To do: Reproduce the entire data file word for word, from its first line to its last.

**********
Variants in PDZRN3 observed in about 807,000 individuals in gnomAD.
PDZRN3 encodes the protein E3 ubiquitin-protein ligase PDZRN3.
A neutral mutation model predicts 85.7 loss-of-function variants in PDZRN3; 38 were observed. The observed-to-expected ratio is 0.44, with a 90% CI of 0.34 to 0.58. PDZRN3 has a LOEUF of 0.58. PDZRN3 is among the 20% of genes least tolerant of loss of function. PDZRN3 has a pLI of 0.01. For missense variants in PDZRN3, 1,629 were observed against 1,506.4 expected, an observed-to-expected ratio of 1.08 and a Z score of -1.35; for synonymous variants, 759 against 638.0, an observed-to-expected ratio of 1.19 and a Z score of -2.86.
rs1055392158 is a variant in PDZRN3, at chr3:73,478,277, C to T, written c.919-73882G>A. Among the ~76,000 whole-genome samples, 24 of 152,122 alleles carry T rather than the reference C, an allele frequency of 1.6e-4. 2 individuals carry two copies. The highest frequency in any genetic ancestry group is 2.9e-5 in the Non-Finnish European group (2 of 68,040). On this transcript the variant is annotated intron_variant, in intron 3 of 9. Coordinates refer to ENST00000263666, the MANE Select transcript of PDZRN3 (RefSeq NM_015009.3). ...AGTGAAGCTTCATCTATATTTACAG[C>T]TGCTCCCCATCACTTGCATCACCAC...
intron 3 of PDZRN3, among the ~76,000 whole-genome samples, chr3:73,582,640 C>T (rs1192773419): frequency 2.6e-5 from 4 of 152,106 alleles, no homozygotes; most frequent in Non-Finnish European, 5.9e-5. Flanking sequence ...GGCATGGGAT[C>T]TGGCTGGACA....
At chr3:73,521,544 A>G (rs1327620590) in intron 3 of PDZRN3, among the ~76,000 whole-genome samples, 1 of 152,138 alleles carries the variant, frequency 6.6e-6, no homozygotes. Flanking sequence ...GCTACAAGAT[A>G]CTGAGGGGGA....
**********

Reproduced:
Variants in PDZRN3 observed in about 807,000 individuals in gnomAD.
PDZRN3 encodes the protein E3 ubiquitin-protein ligase PDZRN3.
A neutral mutation model predicts 85.7 loss-of-function variants in PDZRN3; 38 were observed. The observed-to-expected ratio is 0.44, with a 90% CI of 0.34 to 0.58. PDZRN3 has a LOEUF of 0.58. PDZRN3 is among the 20% of genes least tolerant of loss of function. PDZRN3 has a pLI of 0.01. For missense variants in PDZRN3, 1,629 were observed against 1,506.4 expected, an observed-to-expected ratio of 1.08 and a Z score of -1.35; for synonymous variants, 759 against 638.0, an observed-to-expected ratio of 1.19 and a Z score of -2.86.
rs1055392158 is a variant in PDZRN3, at chr3:73,478,277, C to T, written c.919-73882G>A. Among the ~76,000 whole-genome samples, 24 of 152,122 alleles carry T rather than the reference C, an allele frequency of 1.6e-4. 2 individuals carry two copies. The highest frequency in any genetic ancestry group is 2.9e-5 in the Non-Finnish European group (2 of 68,040). On this transcript the variant is annotated intron_variant, in intron 3 of 9. Coordinates refer to ENST00000263666, the MANE Select transcript of PDZRN3 (RefSeq NM_015009.3). ...AGTGAAGCTTCATCTATATTTACAG[C>T]TGCTCCCCATCACTTGCATCACCAC...
intron 3 of PDZRN3, among the ~76,000 whole-genome samples, chr3:73,582,640 C>T (rs1192773419): frequency 2.6e-5 from 4 of 152,106 alleles, no homozygotes; most frequent in Non-Finnish European, 5.9e-5. Flanking sequence ...GGCATGGGAT[C>T]TGGCTGGACA....
At chr3:73,521,544 A>G (rs1327620590) in intron 3 of PDZRN3, among the ~76,000 whole-genome samples, 1 of 152,138 alleles carries the variant, frequency 6.6e-6, no homozygotes. Flanking sequence ...GCTACAAGAT[A>G]CTGAGGGGGA....